Ah, ok I missed, that you can still acess the data, then it is of course the easiest to just clone it and reformat it.

    What you say about the multibay enclosures is what I experienced as well. I had a Inxtron Hydra, which should show 4TB, but for some reason it showed only 2TB under 10.4. My single Bay enclosure with the 3TB dirve is fully recognised under 10.4. I tried writing it full in over the magical 2,2TB limit, that exists when used internally.
     
  8. robertdsc macrumors regular

    robertdsc

    Joined:
    Jan 28, 2014
    #8
    There's room in front of the processor fans. You can use a popsicle stick (or equivalent from a craft store), drill holes, and screw the stick to up to three drives. Naturally, you'll need to do some wiring involving splitters out of the Molex connector for the optical drive, but it's very doable.

    You can also take the optical drive out and lash two drives together into that space. I've done it with plastic zip cables, but I could also do it with popsicle sticks.

    Of course, this is possible provided you have a SATA card to connect the drives to.
     
  9. sarthak, Aug 17, 2014
    Last edited: Aug 17, 2014

    sarthak thread starter macrumors 6502

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    #9
    I was able to clone it to an external drive by stuffing it back into the Mac Pro. I put it back in the G5 and formatted it as GUID. Cloned it back (much slower to do checksum read from USB).

    The drive didn't work in the G5, it would show up but I could not mount it since Logical Volumes aren't supported. But now, it works just fine.

    It's not that bad an idea to stick some additional drives in and use a PCIe SATA card (cheaper PC variants with Mac Drivers as suggested by Cox Orange). I'll see if I can get a metal cage that fits 2x 3.5" or 2.5" drives. I'd have to be aluminum, I've seen some options out there specifically made for the G5 Quad but they cost more than the machine! Orico makes a few like this (search "Orico Hard Drive" on eBay):

    [​IMG]

    If one of those Orico models fit, it would look rather nice.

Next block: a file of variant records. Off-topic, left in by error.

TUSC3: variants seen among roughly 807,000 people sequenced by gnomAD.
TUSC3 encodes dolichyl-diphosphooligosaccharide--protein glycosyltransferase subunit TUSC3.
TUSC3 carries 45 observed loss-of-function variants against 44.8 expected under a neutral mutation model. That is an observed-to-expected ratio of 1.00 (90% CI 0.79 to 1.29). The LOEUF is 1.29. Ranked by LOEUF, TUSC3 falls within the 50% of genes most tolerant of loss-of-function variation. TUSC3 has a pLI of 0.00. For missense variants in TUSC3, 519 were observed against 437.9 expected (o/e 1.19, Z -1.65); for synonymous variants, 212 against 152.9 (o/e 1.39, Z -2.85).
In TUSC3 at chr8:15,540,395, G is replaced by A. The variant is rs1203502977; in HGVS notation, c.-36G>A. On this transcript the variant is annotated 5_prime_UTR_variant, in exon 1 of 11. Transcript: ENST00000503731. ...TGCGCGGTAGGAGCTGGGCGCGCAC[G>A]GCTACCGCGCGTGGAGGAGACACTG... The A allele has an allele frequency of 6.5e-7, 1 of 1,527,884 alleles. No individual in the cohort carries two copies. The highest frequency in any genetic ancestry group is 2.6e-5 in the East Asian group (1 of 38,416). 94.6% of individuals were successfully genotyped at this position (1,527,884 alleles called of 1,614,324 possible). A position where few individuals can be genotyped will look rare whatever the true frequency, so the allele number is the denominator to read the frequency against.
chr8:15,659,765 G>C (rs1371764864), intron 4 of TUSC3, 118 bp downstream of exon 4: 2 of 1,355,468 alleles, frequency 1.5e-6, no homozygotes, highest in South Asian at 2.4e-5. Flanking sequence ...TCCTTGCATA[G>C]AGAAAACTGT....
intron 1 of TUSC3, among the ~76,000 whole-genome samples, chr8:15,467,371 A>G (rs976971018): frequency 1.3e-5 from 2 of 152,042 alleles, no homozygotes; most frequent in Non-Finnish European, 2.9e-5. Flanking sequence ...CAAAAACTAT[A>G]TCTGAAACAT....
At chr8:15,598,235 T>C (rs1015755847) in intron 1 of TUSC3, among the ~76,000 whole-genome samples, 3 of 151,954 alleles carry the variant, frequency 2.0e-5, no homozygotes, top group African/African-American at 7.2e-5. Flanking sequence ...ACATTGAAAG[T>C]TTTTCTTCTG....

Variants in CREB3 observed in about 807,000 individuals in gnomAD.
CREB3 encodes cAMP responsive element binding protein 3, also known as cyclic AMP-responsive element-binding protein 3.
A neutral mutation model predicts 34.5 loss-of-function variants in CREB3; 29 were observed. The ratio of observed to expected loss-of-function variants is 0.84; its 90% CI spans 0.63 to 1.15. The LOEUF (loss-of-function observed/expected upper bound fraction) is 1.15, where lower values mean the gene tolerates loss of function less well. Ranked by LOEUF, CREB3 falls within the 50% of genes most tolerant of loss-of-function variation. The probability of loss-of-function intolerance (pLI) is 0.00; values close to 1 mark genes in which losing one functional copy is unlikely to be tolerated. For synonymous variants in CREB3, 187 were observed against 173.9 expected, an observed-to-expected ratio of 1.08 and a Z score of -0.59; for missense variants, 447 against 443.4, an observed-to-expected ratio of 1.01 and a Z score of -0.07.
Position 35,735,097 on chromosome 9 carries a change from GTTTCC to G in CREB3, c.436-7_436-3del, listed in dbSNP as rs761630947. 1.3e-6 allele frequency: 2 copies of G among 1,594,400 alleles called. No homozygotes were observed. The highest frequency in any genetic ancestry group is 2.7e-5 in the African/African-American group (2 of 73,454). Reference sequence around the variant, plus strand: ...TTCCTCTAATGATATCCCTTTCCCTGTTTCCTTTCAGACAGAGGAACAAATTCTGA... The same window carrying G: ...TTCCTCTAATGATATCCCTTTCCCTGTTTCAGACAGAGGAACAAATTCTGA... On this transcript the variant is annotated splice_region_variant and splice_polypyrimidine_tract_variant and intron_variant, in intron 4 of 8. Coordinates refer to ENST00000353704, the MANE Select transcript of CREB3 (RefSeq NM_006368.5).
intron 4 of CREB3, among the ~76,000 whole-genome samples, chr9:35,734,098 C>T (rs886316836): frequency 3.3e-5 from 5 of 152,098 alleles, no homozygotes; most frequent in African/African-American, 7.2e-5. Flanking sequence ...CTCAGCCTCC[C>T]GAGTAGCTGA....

At the moment I got the 4TB to work but I'd want to make use of the CalDigit eSATA 4 port card I have. It should pair up with an external eSATA enclosure with an aluminum design ideally.
     
  10. Altemose macrumors G3

    Altemose

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    Elkton, Maryland
    #10

    I think your problem isn't one you may of thought of. You need to install a jumper to get this drive to mount. I had the same problem.
     
  11. sarthak thread starter macrumors 6502

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    #11
    Jumper for which setting? There are jumper pins on the drive but it does not say what they are for.

    It shows up as unknown partition type (which is actually a Logical Volume created in Lion and worked just fine in a Mac Pro).

    Guess it is too late now since I cloned, formatted and restored it. Though, it would be helpful to know in case someone else has this issue or I add a different drive.
     
  12. Altemose macrumors G3

    Altemose

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    #12
    Power Macs generally have issues with SATA III and even some SATA II drives down-stepping to the correct SATA I (150 MB/s) speed. As a result of this limitation, on some drives you must use a jumper to force the drive into SATA I mode. This is a diagram from the Western Digital website regarding the jumper settings. You would want to set it to Jumper Option 1 (Pins 5 & 6).
     

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  13. sarthak thread starter macrumors 6502

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    #13
    I see, I will try it with a different drive as I already formatted this unit.

    I thought PM G5 has SATA II?
     
  14. Altemose macrumors G3

    Altemose

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    #14
    PowerMac G5s and iMac G5s only have a SATA I (150 MB/s) controller. This controller has issues with SATA III drives especially but works fine with most any SATA II drive.
     
  15. Cox Orange macrumors 68000

    Joined:
    Jan 1, 2010
    #15
    A WD tech support guy once emailed me, that 5&6 is good and if I want to go even further I can use 7&8 to get SATA-III to SATA-I, but I don't remember if it was additionally or without the 5+6.

    On Hitachi drives, there is a small jumper, too, but that is only for sleep management (don't recall the right naming, some three letter abreviation beginning with A...), but it is not meant to be set, if there is no real need. One should read up on it first!


    PS: how the cables can be routed and the Y-molex-adapter can be seen in the Sonnet pdf for the G5 Jive.